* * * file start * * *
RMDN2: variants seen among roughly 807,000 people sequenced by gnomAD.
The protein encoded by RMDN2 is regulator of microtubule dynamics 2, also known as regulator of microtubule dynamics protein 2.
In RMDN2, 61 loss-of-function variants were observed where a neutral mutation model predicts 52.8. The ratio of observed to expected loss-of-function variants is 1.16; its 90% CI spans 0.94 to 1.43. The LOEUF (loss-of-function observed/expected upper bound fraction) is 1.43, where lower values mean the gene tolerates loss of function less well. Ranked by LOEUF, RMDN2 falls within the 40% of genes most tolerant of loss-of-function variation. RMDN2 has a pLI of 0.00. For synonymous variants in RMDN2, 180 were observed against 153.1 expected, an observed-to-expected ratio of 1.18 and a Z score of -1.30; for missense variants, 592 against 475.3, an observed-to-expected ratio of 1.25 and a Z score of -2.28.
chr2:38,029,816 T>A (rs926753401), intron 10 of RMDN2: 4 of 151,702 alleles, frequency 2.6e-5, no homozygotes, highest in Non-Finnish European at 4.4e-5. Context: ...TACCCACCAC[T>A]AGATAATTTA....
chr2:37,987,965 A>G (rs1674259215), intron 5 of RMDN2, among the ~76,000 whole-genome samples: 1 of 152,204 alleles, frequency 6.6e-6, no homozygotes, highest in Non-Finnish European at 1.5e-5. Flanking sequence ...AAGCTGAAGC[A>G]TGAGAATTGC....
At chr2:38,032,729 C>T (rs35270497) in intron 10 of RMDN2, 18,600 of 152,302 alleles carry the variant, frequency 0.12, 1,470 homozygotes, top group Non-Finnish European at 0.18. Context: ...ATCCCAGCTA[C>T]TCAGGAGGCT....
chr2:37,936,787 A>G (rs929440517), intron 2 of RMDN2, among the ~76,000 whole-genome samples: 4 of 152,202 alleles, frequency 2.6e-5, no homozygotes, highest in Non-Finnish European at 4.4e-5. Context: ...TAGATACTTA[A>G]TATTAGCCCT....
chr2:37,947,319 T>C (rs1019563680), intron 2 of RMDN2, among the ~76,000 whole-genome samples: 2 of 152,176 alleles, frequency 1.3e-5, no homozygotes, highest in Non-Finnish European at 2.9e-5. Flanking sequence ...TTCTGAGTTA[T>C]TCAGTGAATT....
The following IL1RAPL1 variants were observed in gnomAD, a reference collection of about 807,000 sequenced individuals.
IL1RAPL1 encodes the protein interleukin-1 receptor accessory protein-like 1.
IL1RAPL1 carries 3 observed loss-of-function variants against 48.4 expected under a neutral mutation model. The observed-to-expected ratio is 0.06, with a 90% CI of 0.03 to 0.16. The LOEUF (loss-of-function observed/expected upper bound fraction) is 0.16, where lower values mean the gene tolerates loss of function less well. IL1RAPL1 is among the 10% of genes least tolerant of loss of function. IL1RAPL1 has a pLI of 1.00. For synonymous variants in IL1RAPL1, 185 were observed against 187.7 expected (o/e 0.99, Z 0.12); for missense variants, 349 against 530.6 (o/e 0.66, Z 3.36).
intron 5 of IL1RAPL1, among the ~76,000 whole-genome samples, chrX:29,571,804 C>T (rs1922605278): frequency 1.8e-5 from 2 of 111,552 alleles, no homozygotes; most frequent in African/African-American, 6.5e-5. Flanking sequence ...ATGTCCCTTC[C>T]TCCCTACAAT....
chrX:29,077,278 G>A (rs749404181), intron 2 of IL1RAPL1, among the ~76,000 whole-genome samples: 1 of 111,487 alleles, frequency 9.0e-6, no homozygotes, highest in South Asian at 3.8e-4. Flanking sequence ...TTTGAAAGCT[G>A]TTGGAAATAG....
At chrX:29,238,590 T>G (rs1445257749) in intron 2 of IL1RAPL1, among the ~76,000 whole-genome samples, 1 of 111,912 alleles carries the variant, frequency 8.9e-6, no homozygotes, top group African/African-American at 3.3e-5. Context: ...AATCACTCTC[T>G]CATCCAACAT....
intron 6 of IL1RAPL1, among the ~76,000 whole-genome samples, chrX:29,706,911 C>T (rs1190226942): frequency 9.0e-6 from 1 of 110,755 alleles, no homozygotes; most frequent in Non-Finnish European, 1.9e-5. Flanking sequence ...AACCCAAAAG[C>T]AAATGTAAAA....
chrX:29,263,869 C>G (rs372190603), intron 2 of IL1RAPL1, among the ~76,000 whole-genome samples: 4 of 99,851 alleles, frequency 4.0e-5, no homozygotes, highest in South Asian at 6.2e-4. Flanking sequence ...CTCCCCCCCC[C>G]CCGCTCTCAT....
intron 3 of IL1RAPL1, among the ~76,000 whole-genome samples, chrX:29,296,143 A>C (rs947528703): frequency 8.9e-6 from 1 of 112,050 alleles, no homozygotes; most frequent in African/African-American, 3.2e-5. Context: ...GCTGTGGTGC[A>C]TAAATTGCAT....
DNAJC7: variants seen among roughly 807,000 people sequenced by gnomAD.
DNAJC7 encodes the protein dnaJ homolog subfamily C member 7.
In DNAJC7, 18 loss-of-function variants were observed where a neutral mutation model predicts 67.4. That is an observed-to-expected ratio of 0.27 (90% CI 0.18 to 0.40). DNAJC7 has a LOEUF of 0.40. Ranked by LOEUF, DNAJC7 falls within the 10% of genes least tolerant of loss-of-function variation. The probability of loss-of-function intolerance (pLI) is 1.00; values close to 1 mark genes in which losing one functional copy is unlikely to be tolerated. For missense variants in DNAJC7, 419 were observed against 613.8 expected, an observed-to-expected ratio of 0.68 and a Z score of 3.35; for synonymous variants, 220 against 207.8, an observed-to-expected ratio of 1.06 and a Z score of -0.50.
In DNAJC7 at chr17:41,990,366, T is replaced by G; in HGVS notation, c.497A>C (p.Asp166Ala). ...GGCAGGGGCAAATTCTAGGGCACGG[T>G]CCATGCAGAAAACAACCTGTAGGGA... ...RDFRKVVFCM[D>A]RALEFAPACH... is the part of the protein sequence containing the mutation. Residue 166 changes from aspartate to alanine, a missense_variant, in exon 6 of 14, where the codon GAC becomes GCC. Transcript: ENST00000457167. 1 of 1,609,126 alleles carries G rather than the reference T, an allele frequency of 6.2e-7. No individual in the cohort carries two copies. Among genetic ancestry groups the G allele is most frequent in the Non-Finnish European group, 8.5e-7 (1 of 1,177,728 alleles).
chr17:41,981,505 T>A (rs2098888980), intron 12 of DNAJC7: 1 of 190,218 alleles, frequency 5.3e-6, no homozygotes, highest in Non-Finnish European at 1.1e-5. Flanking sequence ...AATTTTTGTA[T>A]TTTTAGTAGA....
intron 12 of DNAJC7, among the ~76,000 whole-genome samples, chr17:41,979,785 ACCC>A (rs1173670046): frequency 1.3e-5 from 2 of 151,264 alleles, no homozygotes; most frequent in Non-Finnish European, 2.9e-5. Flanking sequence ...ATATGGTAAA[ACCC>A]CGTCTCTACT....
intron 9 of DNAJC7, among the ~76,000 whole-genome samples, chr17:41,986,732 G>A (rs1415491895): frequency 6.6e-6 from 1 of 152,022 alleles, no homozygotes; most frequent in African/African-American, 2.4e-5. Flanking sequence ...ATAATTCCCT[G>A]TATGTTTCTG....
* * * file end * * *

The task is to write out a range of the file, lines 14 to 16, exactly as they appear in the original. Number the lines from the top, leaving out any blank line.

At chrX:29,238,590 T>G (rs1445257749) in intron 2 of IL1RAPL1, among the ~76,000 whole-genome samples, 1 of 111,912 alleles carries the variant, frequency 8.9e-6, no homozygotes, top group African/African-American at 3.3e-5. Context: ...AATCACTCTC[T>G]CATCCAACAT....
intron 6 of IL1RAPL1, among the ~76,000 whole-genome samples, chrX:29,706,911 C>T (rs1190226942): frequency 9.0e-6 from 1 of 110,755 alleles, no homozygotes; most frequent in Non-Finnish European, 1.9e-5. Flanking sequence ...AACCCAAAAG[C>T]AAATGTAAAA....
chrX:29,263,869 C>G (rs372190603), intron 2 of IL1RAPL1, among the ~76,000 whole-genome samples: 4 of 99,851 alleles, frequency 4.0e-5, no homozygotes, highest in South Asian at 6.2e-4. Flanking sequence ...CTCCCCCCCC[C>G]CCGCTCTCAT....